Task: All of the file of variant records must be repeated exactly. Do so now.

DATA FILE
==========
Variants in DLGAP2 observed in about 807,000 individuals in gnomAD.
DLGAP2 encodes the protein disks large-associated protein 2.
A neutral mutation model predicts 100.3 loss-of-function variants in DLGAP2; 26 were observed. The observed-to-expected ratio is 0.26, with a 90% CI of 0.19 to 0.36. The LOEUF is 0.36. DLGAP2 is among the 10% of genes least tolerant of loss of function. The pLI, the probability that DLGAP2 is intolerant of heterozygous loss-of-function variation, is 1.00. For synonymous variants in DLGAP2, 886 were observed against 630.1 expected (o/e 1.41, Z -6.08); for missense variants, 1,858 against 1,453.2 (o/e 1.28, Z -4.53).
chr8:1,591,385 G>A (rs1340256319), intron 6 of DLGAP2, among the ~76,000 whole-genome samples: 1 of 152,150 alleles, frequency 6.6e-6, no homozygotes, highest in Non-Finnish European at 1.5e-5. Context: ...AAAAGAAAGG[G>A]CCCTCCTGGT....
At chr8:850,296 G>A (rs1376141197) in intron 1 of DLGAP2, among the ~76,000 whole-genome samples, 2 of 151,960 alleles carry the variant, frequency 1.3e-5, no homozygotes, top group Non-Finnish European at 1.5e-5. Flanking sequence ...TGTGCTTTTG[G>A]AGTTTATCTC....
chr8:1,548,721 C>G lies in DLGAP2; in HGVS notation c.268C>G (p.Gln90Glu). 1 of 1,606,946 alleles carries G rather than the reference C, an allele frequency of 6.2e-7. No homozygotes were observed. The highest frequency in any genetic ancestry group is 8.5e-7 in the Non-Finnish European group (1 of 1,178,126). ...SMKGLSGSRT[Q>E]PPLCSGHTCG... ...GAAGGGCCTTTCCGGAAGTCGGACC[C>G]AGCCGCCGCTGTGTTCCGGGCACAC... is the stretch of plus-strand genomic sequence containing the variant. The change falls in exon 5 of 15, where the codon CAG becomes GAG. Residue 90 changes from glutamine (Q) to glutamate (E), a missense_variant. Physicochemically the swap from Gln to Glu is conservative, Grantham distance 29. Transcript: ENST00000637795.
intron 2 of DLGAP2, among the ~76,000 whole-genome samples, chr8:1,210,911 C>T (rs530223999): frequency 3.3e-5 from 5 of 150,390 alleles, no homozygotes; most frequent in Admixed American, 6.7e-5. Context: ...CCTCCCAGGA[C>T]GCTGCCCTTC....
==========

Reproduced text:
Variants in DLGAP2 observed in about 807,000 individuals in gnomAD.
DLGAP2 encodes the protein disks large-associated protein 2.
A neutral mutation model predicts 100.3 loss-of-function variants in DLGAP2; 26 were observed. The observed-to-expected ratio is 0.26, with a 90% CI of 0.19 to 0.36. The LOEUF is 0.36. DLGAP2 is among the 10% of genes least tolerant of loss of function. The pLI, the probability that DLGAP2 is intolerant of heterozygous loss-of-function variation, is 1.00. For synonymous variants in DLGAP2, 886 were observed against 630.1 expected (o/e 1.41, Z -6.08); for missense variants, 1,858 against 1,453.2 (o/e 1.28, Z -4.53).
chr8:1,591,385 G>A (rs1340256319), intron 6 of DLGAP2, among the ~76,000 whole-genome samples: 1 of 152,150 alleles, frequency 6.6e-6, no homozygotes, highest in Non-Finnish European at 1.5e-5. Context: ...AAAAGAAAGG[G>A]CCCTCCTGGT....
At chr8:850,296 G>A (rs1376141197) in intron 1 of DLGAP2, among the ~76,000 whole-genome samples, 2 of 151,960 alleles carry the variant, frequency 1.3e-5, no homozygotes, top group Non-Finnish European at 1.5e-5. Flanking sequence ...TGTGCTTTTG[G>A]AGTTTATCTC....
chr8:1,548,721 C>G lies in DLGAP2; in HGVS notation c.268C>G (p.Gln90Glu). 1 of 1,606,946 alleles carries G rather than the reference C, an allele frequency of 6.2e-7. No homozygotes were observed. The highest frequency in any genetic ancestry group is 8.5e-7 in the Non-Finnish European group (1 of 1,178,126). ...SMKGLSGSRT[Q>E]PPLCSGHTCG... ...GAAGGGCCTTTCCGGAAGTCGGACC[C>G]AGCCGCCGCTGTGTTCCGGGCACAC... is the stretch of plus-strand genomic sequence containing the variant. The change falls in exon 5 of 15, where the codon CAG becomes GAG. Residue 90 changes from glutamine (Q) to glutamate (E), a missense_variant. Physicochemically the swap from Gln to Glu is conservative, Grantham distance 29. Transcript: ENST00000637795.
intron 2 of DLGAP2, among the ~76,000 whole-genome samples, chr8:1,210,911 C>T (rs530223999): frequency 3.3e-5 from 5 of 150,390 alleles, no homozygotes; most frequent in Admixed American, 6.7e-5. Context: ...CCTCCCAGGA[C>T]GCTGCCCTTC....